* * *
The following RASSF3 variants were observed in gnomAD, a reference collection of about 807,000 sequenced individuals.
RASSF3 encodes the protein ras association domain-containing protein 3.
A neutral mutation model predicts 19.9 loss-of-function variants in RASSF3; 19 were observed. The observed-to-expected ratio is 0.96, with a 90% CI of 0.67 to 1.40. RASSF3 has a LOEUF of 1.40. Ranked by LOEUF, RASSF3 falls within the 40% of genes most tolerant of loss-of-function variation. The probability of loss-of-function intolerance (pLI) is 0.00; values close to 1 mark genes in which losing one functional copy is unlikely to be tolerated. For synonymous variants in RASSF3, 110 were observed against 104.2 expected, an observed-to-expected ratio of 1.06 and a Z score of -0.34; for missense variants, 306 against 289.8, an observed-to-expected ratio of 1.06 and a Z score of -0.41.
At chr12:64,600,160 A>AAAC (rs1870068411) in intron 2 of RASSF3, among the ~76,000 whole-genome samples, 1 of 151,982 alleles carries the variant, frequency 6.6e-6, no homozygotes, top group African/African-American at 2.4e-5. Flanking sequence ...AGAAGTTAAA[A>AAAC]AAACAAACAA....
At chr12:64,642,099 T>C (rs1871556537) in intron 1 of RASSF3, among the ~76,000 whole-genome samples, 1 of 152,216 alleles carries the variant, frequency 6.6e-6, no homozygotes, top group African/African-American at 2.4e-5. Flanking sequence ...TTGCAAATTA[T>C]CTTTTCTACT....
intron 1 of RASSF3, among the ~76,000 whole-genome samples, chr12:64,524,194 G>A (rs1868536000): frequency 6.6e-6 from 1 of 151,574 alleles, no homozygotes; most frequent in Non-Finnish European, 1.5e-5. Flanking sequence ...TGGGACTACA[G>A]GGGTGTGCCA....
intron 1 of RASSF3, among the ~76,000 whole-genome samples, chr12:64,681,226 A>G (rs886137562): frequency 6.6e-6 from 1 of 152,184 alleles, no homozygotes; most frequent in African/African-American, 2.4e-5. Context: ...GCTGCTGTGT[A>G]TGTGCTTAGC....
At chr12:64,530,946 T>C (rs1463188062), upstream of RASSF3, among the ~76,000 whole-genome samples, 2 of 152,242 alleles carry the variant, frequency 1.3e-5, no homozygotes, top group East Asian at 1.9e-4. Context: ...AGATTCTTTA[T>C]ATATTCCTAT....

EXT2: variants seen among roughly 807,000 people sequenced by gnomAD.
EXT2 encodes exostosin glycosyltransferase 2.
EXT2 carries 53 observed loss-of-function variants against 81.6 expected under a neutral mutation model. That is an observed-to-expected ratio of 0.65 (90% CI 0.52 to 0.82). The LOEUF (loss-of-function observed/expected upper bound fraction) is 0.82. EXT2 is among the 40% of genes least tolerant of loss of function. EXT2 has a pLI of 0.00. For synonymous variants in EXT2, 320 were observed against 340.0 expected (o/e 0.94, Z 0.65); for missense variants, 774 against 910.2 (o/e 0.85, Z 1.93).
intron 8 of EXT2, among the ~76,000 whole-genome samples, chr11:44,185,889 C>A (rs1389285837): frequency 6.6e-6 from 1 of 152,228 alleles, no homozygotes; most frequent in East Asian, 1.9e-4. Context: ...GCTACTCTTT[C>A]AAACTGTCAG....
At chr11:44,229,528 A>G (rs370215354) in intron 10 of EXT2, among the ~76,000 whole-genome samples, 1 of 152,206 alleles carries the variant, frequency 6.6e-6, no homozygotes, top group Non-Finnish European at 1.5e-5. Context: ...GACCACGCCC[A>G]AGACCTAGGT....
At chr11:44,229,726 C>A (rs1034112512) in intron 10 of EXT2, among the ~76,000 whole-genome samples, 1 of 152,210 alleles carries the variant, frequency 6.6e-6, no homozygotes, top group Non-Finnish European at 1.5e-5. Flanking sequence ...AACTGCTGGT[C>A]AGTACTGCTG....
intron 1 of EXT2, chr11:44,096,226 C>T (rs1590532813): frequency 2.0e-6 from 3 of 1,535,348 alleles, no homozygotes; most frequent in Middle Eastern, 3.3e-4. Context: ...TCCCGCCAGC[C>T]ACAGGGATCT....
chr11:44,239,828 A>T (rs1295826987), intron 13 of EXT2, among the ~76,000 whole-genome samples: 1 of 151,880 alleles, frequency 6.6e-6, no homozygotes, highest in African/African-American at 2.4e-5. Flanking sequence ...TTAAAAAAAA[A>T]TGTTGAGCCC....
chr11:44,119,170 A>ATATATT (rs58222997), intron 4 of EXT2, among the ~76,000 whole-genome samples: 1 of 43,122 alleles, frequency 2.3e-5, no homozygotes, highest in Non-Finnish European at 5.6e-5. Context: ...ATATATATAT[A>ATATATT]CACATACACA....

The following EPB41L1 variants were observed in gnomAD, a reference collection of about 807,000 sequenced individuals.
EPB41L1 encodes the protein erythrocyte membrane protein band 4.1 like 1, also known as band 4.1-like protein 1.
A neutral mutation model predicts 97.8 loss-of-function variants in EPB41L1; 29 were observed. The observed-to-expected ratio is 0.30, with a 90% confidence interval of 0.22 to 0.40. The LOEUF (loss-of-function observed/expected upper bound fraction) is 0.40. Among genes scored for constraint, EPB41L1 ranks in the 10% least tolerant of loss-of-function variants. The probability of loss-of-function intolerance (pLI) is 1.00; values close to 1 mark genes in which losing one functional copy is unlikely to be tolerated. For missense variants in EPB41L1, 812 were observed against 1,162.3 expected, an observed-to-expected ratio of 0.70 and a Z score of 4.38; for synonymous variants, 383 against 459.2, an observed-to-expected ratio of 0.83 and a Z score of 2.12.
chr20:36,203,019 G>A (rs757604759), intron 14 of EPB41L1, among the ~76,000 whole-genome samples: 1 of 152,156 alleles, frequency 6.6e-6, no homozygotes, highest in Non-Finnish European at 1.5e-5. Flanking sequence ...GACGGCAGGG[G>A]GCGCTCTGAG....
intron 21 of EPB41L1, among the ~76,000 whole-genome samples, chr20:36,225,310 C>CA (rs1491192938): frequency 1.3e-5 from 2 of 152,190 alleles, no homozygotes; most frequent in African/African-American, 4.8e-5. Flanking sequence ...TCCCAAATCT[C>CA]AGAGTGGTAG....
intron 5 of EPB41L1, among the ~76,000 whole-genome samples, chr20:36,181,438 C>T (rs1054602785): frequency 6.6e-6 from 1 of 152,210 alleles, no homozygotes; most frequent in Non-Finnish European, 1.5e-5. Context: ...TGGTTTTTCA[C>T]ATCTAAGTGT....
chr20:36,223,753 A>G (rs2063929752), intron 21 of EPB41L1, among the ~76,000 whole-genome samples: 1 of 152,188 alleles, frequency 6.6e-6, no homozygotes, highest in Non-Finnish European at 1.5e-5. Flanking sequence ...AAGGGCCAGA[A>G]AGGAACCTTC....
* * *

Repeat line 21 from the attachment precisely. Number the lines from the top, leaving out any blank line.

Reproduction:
chr20:36,203,019 G>A (rs757604759), intron 14 of EPB41L1, among the ~76,000 whole-genome samples: 1 of 152,156 alleles, frequency 6.6e-6, no homozygotes, highest in Non-Finnish European at 1.5e-5. Flanking sequence ...GACGGCAGGG[G>A]GCGCTCTGAG....